Americans abandoning dollar, banking with China?

New York City’s Chinatown is a go to for many things. Authentic meals, designer knock offs, manicures, massages and now, money.

The Bank of China, one of the country’s main state owned lenders, is allowing American customers to open accounts and trade US dollars for the Chinese Yuan each year. Account holders can exchange up to $20,000 annually. Experts say China’s currency is likely to go up, as the country remains a manufacturing powerhouse

China, the world’s largest exporter, has been coasting with an enormous trade and budget surplus.This, as the US is barely treading, down by a crushing 14-trillion dollar national debt.

"The Chinese have been saving and investing over 35 percent of their income and the United States has been saving and investing two percent of our income. We've been borrowing and consuming. They've been saving and investing,” said Jim Rogers, Quantum Fund Co-Founder & Author.

While plenty of US banks try to entice new customers with special offers, experts say the three Bank of China branches in America offer something more irresistible, growth.

Are Americans ready to replace Benjamin Franklin with Mao Zedong?

If holding China’s money becomes as trendy as holding the iPods it manufactures, some economists believe the Yuan may eventually become a force to reckon with.

If wealthy people around the world and in the US begin to hold their money in Chinese currency, Renminbi, Yuan, and they associated with wealth and they associate it with a good investment, it legitimizes and jacks up the acceptance of the Chinese,” said economist Max Fraad Wolff.

As with any gamble, banking on the Yuan does have its risks.

US private consumer takes one side of the bet. Bank of China takes one side of the bet. The only thing is that the Bank of China makes the decision on how valuable the Yuan is,” said economist, Max Wolff.

So as more Americans flock to Chinatown, some may be looking to satisfying an appetite for Szechuan pork or Peking duck, while others may be seeking economic security, in the comfort of foreign currency.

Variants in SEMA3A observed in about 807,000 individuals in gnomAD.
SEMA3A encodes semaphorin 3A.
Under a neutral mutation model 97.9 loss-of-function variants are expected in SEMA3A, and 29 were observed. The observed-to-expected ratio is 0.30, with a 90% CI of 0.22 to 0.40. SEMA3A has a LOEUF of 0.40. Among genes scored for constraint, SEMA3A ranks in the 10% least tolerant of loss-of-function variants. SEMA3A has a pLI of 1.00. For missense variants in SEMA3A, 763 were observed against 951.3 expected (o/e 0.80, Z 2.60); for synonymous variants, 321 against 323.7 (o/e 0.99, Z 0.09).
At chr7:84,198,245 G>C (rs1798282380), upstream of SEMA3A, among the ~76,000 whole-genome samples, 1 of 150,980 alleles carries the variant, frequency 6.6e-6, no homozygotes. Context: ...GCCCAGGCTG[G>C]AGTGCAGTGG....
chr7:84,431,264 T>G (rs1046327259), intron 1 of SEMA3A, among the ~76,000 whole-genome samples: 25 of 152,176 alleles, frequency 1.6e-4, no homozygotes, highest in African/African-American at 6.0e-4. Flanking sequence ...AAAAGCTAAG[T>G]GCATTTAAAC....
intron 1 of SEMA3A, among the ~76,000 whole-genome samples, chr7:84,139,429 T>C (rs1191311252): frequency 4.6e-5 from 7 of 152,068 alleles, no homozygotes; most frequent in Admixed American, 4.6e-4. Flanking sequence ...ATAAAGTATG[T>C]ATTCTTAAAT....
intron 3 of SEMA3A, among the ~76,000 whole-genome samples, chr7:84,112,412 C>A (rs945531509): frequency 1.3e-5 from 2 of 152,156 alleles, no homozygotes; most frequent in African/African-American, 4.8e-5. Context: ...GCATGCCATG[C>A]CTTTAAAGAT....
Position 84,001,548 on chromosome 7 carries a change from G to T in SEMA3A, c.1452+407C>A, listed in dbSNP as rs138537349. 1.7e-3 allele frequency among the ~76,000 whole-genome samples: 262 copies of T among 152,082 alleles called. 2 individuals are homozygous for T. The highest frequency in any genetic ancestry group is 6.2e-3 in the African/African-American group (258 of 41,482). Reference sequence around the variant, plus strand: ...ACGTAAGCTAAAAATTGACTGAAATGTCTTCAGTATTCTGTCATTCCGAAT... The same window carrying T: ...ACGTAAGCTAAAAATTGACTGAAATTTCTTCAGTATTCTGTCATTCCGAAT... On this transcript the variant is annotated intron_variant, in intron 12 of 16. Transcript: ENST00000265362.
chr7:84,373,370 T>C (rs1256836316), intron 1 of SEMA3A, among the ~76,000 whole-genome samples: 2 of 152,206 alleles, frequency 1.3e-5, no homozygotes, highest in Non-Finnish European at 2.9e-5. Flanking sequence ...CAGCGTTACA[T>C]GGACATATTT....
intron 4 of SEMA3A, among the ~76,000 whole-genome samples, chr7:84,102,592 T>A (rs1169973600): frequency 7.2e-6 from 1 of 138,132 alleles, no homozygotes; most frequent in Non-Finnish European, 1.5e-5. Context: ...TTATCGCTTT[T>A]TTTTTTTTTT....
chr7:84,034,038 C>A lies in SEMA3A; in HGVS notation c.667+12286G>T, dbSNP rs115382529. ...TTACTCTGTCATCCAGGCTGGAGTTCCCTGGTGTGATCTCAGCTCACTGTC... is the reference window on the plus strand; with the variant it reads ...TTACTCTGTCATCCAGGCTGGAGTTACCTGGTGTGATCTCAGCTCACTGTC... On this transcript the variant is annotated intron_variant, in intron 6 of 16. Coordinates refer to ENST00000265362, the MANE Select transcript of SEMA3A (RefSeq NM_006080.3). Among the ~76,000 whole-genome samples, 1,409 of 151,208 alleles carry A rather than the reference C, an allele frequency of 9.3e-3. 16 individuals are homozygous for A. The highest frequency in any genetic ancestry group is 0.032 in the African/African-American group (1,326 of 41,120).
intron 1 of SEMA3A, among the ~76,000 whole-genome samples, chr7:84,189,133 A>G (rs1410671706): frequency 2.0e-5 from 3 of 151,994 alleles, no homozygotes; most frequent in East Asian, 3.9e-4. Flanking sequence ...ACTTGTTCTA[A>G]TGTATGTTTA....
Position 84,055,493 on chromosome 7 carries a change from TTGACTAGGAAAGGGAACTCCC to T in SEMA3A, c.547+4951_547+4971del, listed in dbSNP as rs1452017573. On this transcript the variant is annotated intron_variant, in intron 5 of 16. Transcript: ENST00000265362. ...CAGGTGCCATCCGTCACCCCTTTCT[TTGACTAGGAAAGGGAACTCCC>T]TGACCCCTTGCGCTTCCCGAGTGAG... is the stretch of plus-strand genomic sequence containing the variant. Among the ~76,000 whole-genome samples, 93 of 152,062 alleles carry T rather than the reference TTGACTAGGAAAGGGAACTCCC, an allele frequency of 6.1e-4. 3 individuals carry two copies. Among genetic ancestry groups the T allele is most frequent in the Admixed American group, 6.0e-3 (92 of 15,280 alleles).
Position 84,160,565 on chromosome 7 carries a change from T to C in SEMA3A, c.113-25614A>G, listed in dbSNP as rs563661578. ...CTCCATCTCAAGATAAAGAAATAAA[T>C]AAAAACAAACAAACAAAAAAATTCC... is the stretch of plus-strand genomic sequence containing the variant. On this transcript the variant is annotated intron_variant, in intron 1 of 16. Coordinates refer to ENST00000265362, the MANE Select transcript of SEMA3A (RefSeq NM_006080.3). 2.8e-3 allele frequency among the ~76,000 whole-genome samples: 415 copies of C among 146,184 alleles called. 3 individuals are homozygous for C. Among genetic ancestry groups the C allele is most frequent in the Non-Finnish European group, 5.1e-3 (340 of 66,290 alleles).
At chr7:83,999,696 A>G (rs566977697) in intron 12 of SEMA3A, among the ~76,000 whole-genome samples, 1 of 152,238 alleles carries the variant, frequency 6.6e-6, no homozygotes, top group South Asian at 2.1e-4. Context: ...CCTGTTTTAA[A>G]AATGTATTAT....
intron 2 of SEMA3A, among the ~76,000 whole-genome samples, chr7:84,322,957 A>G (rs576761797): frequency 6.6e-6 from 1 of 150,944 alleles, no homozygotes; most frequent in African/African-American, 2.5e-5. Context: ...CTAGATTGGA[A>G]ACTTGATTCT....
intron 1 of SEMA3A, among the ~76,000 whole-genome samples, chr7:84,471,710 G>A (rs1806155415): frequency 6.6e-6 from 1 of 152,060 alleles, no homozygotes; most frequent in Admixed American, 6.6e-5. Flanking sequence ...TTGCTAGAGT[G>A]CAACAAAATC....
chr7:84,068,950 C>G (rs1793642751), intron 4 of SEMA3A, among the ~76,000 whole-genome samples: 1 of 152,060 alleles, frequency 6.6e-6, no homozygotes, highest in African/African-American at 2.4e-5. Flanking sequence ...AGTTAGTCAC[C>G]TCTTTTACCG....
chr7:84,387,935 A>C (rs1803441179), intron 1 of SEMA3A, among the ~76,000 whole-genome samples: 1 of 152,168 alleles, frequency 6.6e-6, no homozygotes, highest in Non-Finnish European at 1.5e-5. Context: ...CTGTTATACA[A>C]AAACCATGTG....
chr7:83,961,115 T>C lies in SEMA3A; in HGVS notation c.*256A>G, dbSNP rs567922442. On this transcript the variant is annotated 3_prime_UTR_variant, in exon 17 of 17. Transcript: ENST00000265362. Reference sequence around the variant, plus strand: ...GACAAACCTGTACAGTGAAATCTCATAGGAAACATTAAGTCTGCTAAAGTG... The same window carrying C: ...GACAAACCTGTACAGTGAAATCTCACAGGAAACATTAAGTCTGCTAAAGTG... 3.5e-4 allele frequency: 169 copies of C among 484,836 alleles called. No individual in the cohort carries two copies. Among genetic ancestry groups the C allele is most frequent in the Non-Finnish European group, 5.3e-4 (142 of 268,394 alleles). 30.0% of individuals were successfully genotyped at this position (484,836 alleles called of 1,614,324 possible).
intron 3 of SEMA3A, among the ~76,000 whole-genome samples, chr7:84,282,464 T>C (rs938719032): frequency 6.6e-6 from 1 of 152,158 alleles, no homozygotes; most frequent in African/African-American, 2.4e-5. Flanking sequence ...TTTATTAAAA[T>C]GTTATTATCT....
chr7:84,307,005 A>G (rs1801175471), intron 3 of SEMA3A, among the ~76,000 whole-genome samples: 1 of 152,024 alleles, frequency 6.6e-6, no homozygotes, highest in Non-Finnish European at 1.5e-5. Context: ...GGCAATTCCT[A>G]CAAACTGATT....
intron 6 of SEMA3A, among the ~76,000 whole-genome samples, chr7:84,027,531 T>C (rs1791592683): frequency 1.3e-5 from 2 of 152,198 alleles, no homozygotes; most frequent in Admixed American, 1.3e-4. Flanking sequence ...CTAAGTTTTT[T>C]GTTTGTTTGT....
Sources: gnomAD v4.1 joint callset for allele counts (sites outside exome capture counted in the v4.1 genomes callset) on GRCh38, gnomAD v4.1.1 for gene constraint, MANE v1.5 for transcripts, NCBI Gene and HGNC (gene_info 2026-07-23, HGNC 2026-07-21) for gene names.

In addition to banking shifts, coinciding with President Jintao’s visit the Chinese government invested big bucks in a promo ad in New York's Times Square to promote a positive image. The media in America traditionally speaks only of a threat coming from China.

Times Square is the heart of New York advertising. Companies from all over the world – and now countries – are fighting to show their billboards there. The advertisementfeaturing prominent Chinese figuresis will broadcast as many as three hundred times a day until mid-February. But has anyone been noticing the ad? And what do Americans know about China?

RT asked New Yorkers different – and simple – questions about China to find out what kind of knowledge they have about the country. Questions ranged from what the name of the country’s capital is, to the name of the Chinese president, to whether they can name at least one interesting fact about the country. Surprisingly, most of the people on the street could not answer these questions.

This seems to indicate that the media’s negative message about China is obviously reaching the viewers, but real information isn’t. One in five Americans think China is the biggest threat to the US. And as it turns out, this fear stems from a simple lack of knowledge.